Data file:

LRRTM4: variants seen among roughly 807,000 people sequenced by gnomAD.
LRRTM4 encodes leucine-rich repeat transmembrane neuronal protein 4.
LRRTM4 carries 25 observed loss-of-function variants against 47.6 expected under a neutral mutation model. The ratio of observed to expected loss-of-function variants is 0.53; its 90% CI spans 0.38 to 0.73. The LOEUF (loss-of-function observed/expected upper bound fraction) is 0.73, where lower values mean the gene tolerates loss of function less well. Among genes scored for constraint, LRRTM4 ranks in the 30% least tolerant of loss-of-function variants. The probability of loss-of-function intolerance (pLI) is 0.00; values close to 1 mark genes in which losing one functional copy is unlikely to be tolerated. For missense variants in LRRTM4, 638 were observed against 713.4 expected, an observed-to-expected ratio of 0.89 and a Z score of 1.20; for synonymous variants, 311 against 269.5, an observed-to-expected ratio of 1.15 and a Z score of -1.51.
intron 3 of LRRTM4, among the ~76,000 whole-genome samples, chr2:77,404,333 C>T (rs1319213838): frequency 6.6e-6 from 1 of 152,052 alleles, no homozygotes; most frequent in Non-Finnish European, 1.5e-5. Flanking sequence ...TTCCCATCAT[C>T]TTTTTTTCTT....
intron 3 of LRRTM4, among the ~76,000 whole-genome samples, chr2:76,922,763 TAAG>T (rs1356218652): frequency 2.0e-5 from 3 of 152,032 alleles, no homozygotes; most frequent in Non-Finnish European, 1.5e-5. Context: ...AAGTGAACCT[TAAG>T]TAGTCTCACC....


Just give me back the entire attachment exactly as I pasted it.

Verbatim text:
LRRTM4: variants seen among roughly 807,000 people sequenced by gnomAD.
LRRTM4 encodes leucine-rich repeat transmembrane neuronal protein 4.
LRRTM4 carries 25 observed loss-of-function variants against 47.6 expected under a neutral mutation model. The ratio of observed to expected loss-of-function variants is 0.53; its 90% CI spans 0.38 to 0.73. The LOEUF (loss-of-function observed/expected upper bound fraction) is 0.73, where lower values mean the gene tolerates loss of function less well. Among genes scored for constraint, LRRTM4 ranks in the 30% least tolerant of loss-of-function variants. The probability of loss-of-function intolerance (pLI) is 0.00; values close to 1 mark genes in which losing one functional copy is unlikely to be tolerated. For missense variants in LRRTM4, 638 were observed against 713.4 expected, an observed-to-expected ratio of 0.89 and a Z score of 1.20; for synonymous variants, 311 against 269.5, an observed-to-expected ratio of 1.15 and a Z score of -1.51.
intron 3 of LRRTM4, among the ~76,000 whole-genome samples, chr2:77,404,333 C>T (rs1319213838): frequency 6.6e-6 from 1 of 152,052 alleles, no homozygotes; most frequent in Non-Finnish European, 1.5e-5. Flanking sequence ...TTCCCATCAT[C>T]TTTTTTTCTT....
intron 3 of LRRTM4, among the ~76,000 whole-genome samples, chr2:76,922,763 TAAG>T (rs1356218652): frequency 2.0e-5 from 3 of 152,032 alleles, no homozygotes; most frequent in Non-Finnish European, 1.5e-5. Context: ...AAGTGAACCT[TAAG>T]TAGTCTCACC....